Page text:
— This will be a great test for the Cards’ huge red-zone start. So far, the Cards are 11-for-12 in the red zone, and the only “miss” was a field goal at the end of the first half last week in which the Cards had a first down at the San Francisco 4-yard line.

— The Cardinals will wear their black jerseys Sunday. And it’s their Breast Cancer Awareness game too, so black-and-white with pink accents. In case you need to color coordinate.

See you Sunday.


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Friday before the 49ers, humble edition

Posted by Darren Urban on September 25, 2015 – 4:30 pm

Offensive coordinator Harold Goodwin was blunt talking about rookie running back David Johnson.

“He could be special,” Goodwin said. “Very special.”

That’s an easy conclusion to reach after three touchdowns on just nine NFL touches, including a 55-yard touchdown reception and a 108-yard kickoff return. One thing coaches and teammates love about him isn’t his talent – although, yes, they love his talent – but his ability to be humble. Of course, he does have to absorb some grief.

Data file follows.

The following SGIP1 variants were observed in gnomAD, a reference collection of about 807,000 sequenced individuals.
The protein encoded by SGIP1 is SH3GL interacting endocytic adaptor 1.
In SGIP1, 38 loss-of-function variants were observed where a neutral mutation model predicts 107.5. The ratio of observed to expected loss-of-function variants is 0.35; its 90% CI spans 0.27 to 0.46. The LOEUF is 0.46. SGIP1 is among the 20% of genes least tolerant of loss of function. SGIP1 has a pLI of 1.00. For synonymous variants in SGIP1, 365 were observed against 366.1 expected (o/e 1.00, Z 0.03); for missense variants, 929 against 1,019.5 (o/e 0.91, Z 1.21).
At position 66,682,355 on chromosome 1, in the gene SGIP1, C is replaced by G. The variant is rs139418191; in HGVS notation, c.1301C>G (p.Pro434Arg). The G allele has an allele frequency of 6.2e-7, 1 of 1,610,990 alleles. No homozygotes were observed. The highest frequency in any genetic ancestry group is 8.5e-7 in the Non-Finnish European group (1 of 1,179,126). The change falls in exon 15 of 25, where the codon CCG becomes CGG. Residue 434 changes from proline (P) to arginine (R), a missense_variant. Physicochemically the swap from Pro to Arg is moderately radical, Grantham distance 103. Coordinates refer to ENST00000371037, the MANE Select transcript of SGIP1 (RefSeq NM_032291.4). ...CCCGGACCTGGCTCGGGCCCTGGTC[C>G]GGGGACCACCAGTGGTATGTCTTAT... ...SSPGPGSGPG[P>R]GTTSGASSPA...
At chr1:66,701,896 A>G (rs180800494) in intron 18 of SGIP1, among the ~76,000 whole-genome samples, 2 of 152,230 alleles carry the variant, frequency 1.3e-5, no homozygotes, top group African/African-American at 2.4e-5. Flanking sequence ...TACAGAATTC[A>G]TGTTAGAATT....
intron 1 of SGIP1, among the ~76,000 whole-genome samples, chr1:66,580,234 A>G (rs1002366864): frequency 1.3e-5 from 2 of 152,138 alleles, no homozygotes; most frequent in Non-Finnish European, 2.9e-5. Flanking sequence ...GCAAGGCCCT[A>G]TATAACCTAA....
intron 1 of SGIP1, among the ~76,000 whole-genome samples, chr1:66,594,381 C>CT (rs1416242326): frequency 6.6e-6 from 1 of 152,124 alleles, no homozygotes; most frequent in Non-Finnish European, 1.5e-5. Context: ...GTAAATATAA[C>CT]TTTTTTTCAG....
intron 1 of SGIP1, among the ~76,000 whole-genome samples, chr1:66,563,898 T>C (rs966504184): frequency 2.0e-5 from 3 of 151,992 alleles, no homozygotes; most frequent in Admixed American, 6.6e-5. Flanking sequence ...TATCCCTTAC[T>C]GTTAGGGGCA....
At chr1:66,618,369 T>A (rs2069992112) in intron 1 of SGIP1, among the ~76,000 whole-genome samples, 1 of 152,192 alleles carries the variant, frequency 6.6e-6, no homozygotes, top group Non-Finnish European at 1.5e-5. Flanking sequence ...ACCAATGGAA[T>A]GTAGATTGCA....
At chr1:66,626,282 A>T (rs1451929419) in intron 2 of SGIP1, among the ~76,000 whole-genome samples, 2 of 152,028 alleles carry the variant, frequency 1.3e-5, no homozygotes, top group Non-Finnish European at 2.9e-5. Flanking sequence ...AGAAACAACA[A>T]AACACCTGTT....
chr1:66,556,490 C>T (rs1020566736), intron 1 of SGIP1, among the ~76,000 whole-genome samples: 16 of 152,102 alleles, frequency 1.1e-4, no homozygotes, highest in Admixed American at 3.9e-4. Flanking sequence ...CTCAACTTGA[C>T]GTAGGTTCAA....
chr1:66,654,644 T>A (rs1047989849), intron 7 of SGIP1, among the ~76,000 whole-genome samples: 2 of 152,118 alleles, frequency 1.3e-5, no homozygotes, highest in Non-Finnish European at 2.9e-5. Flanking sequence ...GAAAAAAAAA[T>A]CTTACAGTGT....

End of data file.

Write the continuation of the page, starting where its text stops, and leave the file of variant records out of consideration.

“I don’t believe no one in this locker room is really reading their press clippings,” safety Tyrann Mathieu said. “Well, maybe David. David is probably reading his.” Mathieu chuckled. “I’d be reading them too.”

Johnson chuckled himself when he heard Mathieu’s comments. “It was a little harder this week,” Johnson said, “but the coaches made sure I stayed grounded, and the players around me reminded me it’s a long season.”

It is going to be a long season. That’s why almost everyone around the Cardinals followed Bruce Arians’ lead this week in brushing off the 2-0 start. Playing the 49ers Sunday is both a step up in opponent and a foray into the NFC West, and the Cards understand both cannot be underestimated.